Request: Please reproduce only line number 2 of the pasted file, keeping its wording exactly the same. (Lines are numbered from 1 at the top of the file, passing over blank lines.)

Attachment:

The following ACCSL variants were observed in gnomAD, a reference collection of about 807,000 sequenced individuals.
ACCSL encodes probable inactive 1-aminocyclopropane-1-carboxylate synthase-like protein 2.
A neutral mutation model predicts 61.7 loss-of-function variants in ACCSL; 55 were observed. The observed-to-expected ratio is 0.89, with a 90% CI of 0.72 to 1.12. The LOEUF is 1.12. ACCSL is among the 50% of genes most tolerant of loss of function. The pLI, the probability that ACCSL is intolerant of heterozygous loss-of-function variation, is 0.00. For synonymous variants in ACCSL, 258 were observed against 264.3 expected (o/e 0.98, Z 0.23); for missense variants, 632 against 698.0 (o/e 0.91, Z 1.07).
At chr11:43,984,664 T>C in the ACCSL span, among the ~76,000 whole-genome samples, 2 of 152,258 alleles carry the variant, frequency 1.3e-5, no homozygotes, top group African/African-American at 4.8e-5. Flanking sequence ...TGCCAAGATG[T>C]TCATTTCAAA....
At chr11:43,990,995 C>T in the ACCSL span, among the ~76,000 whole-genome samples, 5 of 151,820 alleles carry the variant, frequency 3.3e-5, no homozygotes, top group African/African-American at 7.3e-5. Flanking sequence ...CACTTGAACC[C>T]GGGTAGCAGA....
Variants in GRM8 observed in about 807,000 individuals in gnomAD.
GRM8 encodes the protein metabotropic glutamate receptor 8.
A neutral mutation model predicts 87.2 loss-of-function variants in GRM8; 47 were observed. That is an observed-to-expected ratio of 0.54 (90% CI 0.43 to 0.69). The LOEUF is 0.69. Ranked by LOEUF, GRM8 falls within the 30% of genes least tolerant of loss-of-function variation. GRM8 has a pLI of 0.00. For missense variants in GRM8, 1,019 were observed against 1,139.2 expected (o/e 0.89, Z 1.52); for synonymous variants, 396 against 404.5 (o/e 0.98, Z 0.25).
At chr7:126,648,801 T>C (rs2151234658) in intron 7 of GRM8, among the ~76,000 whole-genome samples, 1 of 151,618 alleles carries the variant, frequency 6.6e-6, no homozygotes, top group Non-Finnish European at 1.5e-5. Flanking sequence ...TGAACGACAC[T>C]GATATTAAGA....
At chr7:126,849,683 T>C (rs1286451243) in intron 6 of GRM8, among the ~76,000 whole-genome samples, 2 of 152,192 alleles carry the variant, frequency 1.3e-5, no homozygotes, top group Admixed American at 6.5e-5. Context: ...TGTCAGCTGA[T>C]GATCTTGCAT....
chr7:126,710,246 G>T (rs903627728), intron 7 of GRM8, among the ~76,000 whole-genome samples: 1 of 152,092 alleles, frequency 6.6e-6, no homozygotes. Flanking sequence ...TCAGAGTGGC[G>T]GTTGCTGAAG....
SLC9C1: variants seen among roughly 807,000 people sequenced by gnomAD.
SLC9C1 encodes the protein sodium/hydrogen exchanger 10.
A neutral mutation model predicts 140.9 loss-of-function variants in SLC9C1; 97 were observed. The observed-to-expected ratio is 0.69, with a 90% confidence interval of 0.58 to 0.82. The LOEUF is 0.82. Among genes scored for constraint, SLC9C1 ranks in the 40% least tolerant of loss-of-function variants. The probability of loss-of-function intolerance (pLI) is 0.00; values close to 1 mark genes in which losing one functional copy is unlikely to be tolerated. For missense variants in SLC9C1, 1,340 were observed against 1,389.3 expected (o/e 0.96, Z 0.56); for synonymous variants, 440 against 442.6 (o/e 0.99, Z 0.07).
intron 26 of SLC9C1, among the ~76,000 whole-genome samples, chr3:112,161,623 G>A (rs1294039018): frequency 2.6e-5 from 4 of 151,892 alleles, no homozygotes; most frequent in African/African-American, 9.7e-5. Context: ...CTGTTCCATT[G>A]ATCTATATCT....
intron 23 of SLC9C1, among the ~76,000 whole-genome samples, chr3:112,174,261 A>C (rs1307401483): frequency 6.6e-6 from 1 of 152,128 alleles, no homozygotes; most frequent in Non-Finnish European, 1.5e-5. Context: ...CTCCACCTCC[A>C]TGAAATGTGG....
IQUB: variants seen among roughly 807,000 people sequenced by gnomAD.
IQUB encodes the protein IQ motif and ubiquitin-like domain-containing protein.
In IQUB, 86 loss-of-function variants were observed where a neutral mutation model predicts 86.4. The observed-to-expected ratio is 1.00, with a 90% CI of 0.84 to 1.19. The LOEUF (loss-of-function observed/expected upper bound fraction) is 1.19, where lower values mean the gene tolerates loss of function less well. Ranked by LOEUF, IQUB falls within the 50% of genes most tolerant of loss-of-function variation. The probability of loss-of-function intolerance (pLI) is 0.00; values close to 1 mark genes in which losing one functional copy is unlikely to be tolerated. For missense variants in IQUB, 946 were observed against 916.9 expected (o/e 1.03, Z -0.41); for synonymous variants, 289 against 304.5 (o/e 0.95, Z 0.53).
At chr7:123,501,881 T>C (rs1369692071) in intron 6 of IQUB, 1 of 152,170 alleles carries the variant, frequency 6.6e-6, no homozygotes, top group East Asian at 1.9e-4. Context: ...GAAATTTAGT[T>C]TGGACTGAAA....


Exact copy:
ACCSL encodes probable inactive 1-aminocyclopropane-1-carboxylate synthase-like protein 2.